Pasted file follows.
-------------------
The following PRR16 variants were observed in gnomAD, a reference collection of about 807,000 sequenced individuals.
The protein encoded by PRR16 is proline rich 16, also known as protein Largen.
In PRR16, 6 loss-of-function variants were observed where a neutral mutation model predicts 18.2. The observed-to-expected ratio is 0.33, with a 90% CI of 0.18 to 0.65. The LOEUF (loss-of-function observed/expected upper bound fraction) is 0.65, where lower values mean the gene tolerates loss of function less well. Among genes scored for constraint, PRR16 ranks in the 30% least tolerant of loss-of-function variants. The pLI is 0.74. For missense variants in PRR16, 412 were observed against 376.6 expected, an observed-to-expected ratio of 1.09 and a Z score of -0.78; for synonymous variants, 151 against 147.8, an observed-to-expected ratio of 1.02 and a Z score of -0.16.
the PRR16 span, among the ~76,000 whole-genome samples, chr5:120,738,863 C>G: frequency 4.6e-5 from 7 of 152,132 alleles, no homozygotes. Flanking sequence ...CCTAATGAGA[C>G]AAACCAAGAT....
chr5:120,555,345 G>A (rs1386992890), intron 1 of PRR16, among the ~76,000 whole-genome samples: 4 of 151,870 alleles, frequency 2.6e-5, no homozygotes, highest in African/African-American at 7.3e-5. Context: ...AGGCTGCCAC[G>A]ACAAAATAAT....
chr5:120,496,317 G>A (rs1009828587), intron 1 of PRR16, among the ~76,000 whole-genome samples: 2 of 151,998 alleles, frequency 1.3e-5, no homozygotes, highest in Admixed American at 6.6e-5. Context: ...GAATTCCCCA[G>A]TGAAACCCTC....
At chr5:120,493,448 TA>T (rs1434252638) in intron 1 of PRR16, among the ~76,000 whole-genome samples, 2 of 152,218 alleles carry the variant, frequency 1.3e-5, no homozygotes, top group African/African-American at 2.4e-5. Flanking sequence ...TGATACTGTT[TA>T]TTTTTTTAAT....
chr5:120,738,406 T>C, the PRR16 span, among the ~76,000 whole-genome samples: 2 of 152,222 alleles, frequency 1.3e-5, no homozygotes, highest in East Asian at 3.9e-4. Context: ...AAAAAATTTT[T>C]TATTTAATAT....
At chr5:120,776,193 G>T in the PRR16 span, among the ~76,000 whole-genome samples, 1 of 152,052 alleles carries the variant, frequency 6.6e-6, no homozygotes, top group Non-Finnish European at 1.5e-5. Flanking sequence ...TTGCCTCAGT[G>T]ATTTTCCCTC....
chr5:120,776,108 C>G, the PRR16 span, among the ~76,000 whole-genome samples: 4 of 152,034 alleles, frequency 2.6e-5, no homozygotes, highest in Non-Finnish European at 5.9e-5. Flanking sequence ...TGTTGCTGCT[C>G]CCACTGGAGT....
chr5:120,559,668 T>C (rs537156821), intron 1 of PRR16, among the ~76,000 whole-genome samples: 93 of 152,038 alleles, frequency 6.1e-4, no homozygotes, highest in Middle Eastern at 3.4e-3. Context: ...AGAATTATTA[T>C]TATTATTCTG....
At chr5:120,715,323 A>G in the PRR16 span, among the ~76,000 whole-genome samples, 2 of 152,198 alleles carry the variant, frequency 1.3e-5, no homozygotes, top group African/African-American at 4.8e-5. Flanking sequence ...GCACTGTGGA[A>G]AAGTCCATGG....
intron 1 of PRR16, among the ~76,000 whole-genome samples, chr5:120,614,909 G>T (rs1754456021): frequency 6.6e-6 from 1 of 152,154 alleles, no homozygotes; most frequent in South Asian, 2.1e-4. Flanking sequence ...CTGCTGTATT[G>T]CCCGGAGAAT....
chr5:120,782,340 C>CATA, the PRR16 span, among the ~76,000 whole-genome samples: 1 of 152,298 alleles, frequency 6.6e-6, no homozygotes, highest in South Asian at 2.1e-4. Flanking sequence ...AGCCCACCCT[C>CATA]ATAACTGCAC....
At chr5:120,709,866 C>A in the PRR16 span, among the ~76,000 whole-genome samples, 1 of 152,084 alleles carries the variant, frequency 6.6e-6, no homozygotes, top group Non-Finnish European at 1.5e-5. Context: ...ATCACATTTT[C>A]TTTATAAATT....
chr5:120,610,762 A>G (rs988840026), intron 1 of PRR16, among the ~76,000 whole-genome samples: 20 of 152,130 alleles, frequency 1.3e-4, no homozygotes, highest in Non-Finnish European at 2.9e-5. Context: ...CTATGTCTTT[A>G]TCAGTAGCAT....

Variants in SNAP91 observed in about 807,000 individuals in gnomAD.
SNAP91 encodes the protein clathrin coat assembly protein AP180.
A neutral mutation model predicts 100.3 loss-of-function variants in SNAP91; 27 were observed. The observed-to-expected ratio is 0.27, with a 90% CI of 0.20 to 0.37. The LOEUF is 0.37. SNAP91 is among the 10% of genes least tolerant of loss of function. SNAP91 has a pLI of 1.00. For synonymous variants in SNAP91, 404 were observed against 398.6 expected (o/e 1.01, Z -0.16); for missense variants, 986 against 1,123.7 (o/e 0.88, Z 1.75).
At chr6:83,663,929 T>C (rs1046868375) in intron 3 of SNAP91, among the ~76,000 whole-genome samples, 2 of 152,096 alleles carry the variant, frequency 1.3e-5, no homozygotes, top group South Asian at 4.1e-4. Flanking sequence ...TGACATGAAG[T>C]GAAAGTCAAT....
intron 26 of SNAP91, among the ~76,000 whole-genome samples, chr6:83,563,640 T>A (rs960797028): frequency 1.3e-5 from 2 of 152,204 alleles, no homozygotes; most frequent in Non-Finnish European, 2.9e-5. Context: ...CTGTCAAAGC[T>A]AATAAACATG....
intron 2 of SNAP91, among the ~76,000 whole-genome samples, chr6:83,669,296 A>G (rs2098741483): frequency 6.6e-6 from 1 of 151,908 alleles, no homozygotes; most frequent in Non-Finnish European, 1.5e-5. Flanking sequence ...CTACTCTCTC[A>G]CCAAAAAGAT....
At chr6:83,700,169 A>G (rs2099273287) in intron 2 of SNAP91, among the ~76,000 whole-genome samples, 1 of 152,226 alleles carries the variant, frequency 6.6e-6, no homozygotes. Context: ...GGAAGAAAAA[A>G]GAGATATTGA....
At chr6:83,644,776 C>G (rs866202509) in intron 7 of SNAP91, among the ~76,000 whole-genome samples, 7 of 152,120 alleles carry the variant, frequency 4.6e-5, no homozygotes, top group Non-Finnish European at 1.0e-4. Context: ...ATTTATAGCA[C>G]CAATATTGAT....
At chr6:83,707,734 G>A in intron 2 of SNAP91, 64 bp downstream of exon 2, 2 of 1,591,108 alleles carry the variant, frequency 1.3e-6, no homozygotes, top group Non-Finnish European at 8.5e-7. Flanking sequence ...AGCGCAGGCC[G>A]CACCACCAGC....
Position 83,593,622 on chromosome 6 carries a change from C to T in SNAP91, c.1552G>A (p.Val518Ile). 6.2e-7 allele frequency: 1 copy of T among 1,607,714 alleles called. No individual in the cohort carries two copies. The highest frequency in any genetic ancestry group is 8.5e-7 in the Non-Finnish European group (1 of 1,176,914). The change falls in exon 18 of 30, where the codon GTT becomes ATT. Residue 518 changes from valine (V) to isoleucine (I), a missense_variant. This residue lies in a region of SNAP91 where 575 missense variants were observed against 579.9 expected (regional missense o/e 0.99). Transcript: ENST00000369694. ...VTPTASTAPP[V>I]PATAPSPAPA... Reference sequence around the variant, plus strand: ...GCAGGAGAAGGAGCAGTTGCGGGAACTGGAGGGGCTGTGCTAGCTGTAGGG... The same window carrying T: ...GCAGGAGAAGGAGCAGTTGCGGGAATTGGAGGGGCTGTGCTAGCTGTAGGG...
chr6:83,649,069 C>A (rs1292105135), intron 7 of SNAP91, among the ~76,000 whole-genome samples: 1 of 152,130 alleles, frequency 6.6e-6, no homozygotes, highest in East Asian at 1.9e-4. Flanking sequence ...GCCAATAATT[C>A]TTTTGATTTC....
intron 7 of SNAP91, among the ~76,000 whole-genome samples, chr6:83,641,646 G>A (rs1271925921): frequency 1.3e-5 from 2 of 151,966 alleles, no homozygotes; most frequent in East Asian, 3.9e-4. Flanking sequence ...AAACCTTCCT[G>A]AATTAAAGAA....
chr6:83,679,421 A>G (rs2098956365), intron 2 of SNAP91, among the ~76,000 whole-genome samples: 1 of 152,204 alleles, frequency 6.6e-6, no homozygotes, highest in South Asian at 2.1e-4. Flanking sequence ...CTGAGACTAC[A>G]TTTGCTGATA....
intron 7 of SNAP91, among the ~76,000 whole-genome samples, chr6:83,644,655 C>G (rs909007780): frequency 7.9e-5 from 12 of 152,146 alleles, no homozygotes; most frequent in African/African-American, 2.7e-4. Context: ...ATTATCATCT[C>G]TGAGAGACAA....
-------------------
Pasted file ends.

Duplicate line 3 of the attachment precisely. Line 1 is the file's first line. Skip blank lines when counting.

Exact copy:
In PRR16, 6 loss-of-function variants were observed where a neutral mutation model predicts 18.2. The observed-to-expected ratio is 0.33, with a 90% CI of 0.18 to 0.65. The LOEUF (loss-of-function observed/expected upper bound fraction) is 0.65, where lower values mean the gene tolerates loss of function less well. Among genes scored for constraint, PRR16 ranks in the 30% least tolerant of loss-of-function variants. The pLI is 0.74. For missense variants in PRR16, 412 were observed against 376.6 expected, an observed-to-expected ratio of 1.09 and a Z score of -0.78; for synonymous variants, 151 against 147.8, an observed-to-expected ratio of 1.02 and a Z score of -0.16.